Eventually, the Piper stages another attack at the dam, solely so Flash can try to capture him — except he downloaded all of Barry's info, so he knows what frequency will cause him the most damage. When the Flash rips off the Piper's gauntlets, Hartley has rigged them to hijack his suits internal ear speakers, broadcast the frequency, and basically tear apart his internal organs from the inside. With Barry completely out of commission, it's up to Wells to save the day — he uses a satellite to take over the satellite radios of the cars driving by the dam to broadcast a frequency to short out the Piper's gloves (which also makes them explode, which is a bit much, but whatever).
If this were an earlier Flash episode, it would have ended with the Pied Piper captured and the STARS forgiving Wells. Both of those things happen, but it's not quite the end. First, Cisco comes to gloat at the imprisoned Hartley, but the Piper had a back-up plan all along: he knows where Ronnie Raymond is, what happened to him, and how to save him, and all Cisco has to do is free him. As for Wells, he uses the episode's final moments to recharge his Speed Force — yes, his A.I. literally calls it the Speed Force — with the large harness thing seen on the Reverse-Flash suit. Unfortunately, the device isn't recharging his powers like it should, but Wells isn't that concerned… because, as he announces, the endgame has almost arrived.
This is the Flash show I was hoping for from the Arrow team, guys. It wasn't perfect — the opening narration is still horrifically on-the-nose, Barry's sense of "betrayal" by Wells is overwrought, and his heart-to-heart with Joe near the end seems forced and unnecessary — but it was close enough that I basically don't care. It's what I've been waiting for, and man, was it worth the wait.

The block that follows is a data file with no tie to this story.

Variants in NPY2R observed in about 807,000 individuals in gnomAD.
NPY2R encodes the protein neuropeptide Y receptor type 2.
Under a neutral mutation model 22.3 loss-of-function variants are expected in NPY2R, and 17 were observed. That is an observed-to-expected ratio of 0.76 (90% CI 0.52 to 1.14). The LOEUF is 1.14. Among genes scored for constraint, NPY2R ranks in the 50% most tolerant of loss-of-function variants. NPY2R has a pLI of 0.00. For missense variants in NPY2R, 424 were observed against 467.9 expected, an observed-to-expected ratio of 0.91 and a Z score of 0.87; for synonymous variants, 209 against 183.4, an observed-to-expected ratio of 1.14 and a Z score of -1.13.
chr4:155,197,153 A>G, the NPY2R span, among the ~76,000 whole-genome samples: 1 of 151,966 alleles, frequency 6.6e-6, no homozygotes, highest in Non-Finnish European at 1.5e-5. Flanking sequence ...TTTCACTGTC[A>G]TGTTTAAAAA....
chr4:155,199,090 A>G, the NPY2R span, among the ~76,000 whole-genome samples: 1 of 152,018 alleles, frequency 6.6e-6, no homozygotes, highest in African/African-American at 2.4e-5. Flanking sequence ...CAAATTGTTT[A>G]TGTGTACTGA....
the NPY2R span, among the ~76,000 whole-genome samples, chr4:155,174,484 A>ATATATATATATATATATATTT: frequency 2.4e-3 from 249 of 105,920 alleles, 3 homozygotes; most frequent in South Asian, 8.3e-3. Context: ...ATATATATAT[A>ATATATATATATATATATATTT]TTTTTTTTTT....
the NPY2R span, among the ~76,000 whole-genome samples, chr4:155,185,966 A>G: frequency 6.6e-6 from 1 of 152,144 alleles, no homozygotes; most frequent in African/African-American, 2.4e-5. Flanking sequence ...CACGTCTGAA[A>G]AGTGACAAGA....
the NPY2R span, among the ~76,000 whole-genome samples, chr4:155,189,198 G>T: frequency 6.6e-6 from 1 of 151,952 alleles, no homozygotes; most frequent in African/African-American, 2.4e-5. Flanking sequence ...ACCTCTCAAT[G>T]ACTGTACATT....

• Iris is hired as a cub reporter at the Central City Picture News. While it's nice to see Iris do anything that isn't specifically related to the men in her life, she's quite shocked to discover that the newspaper only hired her because of her Flash blog, and the potential that they'll be able to get some Flash news out of her. The idea that Iris, who has as far as I can tell has no journalism experience at all, is somehow surprised and miffed about this strikes me as painfully naïve.
• Barry explains how sound can shatter glass to Joe by using a speaker to break a glass. When it breaks, both Barry and Joe laugh like idiots. It's really strange.
• In their first encounter, the Flash initially beats the Pied Piper by pushing him so hard he falls down. It's kind of hilarious.
• When Barry and Joe have a heart-to-heart, Barry casually mentions his scientific heroes, including Neil deGrasse Tyson and… uh… Richard Dawkins? I feel like a non-science-aware Flash writer probably meant Richard Feynman and got confused, don't you?
• Joe has Eddie secretly investigating Wells. I sense this is going to work just great for everybody! Especially Eddie.